Logistics

Indian oil refiners jolted by five-fold rise in freight rates

P Manoj Mumbai | Updated on October 11, 2019 Published on October 11, 2019

Spot rates for hauling cargo on oil super tankers, aframaxes and suezmaxes have jumped five-fold   -  Reuters

Indian oil refiners, including Reliance Industries Ltd (RIL), Indian Oil and HPCL, could see a surge in crude tanker rates, which will hurt their margins, after the US sanctioned some units of Chinese tanker giant COSCO in late September, restricting tonnage supply across the globe.

Spot rates for hauling cargo on oil super tankers, aframaxes and suezmaxes have jumped five-fold after the US sanctions took effect. Crude tanker operators are having the best time in more than a decade, but the measure will hurt refiners, whose annual shipping bills had been kept low for years by low tanker rates.

The US action was directed at two units of COSCO, which operates more than 50 tankers, on the ground that they had violated US sanctions on Iran. Freight rates to ship oil on super tankers, particularly to Asia, have surged as a result. The impact has trickled down to aframax and suezmax tankers.

Consequently, the rates for very large crude carriers rose to $130,000-140,000 a day from $25,000-30,000, while suezmax rates jumped to $70,000-80,000 a day from $15,000-20,000.

Bharat Oman Refineries Ltd, which runs Bina Refinery, booked Great Lady, a very large crude carrier run by Eastern Mediterranean Maritime, for an Arabian Gulf to West Coast India voyage from October 22, for $277,305 per day. “This shows the desperation of the charterer (Bharat Oman) to take whatever is available in an extremely tight market,” said a shipping industry source.

Desh Vaibhav, an oil super tanker owned by state-run Shipping Corporation of India (SCI), was hired by American conglomerate Koch Industries, Inc for an Arabia Gulf to Korea run from November 5 at $123,150 per day.

Indian Oil Corporation (IOC) fixed two very large crude carriers for voyages to Paradip in November for $9.5 million, or $90,000 a day, and $8.75 million, or $97,500 per day, respectively. HPCL hired an oil super tanker for a voyage to Visakhapatnam later this month at $9.95 million. IOC also hired a suezmax tanker for a voyage in November at $5.51 million.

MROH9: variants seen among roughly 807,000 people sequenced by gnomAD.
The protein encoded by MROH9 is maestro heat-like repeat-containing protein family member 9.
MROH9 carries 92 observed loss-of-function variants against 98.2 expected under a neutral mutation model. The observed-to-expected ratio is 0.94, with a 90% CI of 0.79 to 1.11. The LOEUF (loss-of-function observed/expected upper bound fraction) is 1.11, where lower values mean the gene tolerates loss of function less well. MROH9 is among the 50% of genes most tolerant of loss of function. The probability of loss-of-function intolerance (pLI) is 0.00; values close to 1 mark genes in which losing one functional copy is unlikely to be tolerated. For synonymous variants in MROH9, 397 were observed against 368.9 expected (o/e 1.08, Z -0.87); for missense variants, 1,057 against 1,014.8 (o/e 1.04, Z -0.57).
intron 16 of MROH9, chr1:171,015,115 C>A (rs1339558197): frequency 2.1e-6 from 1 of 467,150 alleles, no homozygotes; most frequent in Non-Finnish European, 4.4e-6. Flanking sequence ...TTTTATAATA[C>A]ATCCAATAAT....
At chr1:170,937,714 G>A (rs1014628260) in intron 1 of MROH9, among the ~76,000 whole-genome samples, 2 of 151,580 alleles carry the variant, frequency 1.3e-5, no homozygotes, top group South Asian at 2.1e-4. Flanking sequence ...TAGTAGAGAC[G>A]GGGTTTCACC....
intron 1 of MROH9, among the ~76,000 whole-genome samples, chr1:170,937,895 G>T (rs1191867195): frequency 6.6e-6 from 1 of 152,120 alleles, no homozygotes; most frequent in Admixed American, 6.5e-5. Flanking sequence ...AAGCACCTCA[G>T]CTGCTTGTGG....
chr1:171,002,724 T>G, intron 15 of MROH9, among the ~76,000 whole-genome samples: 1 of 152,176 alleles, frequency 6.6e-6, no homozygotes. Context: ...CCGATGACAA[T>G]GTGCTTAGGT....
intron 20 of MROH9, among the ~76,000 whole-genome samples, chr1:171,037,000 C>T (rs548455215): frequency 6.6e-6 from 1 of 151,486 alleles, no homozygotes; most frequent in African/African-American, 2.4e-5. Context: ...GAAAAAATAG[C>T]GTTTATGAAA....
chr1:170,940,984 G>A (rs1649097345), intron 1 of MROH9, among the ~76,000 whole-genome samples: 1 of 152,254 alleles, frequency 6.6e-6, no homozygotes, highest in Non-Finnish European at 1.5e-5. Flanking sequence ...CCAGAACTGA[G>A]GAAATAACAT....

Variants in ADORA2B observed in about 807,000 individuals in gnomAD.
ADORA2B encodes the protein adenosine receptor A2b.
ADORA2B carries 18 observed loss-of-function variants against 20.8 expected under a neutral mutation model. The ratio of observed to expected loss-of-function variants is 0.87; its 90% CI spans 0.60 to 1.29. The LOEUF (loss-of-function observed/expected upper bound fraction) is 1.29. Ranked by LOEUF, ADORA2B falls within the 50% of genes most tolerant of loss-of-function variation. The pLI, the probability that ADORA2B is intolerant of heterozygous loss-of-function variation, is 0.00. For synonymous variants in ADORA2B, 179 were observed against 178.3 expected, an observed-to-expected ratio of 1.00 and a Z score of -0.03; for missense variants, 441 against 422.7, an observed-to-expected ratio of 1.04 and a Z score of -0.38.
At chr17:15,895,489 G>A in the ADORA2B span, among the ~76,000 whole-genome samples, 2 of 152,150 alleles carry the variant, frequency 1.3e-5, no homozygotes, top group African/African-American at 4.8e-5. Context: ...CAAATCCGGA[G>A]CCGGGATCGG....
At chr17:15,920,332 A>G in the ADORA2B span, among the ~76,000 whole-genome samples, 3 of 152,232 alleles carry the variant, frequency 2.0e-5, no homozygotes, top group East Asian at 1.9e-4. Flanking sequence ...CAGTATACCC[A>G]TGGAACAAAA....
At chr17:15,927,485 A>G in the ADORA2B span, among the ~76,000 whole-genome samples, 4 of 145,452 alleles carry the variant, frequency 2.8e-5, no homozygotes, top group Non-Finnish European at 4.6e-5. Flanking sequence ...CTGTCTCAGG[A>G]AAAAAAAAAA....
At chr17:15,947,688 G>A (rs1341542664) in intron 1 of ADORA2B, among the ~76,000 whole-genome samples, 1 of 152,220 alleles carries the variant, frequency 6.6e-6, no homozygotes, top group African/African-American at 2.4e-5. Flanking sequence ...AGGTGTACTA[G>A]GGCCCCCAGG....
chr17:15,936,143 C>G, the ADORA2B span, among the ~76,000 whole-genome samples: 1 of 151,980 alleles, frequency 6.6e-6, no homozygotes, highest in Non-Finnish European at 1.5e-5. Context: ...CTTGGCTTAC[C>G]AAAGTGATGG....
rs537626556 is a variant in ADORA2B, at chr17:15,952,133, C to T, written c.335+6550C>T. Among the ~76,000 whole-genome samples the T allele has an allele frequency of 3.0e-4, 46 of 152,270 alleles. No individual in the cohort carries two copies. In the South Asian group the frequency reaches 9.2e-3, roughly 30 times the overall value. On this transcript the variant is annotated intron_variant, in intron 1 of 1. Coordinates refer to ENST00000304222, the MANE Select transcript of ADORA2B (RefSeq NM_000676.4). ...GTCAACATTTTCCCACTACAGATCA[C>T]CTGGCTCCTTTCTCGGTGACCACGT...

“The market is red hot now and fleet owners are having a ball,” said another industry official. “Those whose ships are on the spot trade will make a killing,” he said.

Seven suezmax ships and three of the five aframax tankers owned by The Great Eastern Shipping Co Ltd are operating in the spot market. SCI has a few of its very large crude carriers and suezmaxes in spot trade.

SCI will also enjoy some benefits of the rising freight rates, even on one-year tanker charters, because such deals typically have a “market reset clause linked to a floating benchmark” to account for sharp rate increases.

“This is the first time in a long time that we have seeen such a surge in a short span. The last we saw such a boom was in 2008, although it was very gradual back then; but this time, it has been sudden,” the official said.

Tight market

Refiners will have to shell out more, he added. “The market is very tight because a sizeable number of tankers have gone out of trading due to the ban on the COSCO units and the reluctance of charterers to hire ships with Venezuelan trading history. Also, with the new rule for ships on using low sulphur fuel mandated by the International Maritime Organisation (IMO) kicking in from January 1, many tankers have gone to the dry docks for fitting scrubbers. So, for the next six months, the tanker market is going to be very volatile,” he added.

Published on October 11, 2019
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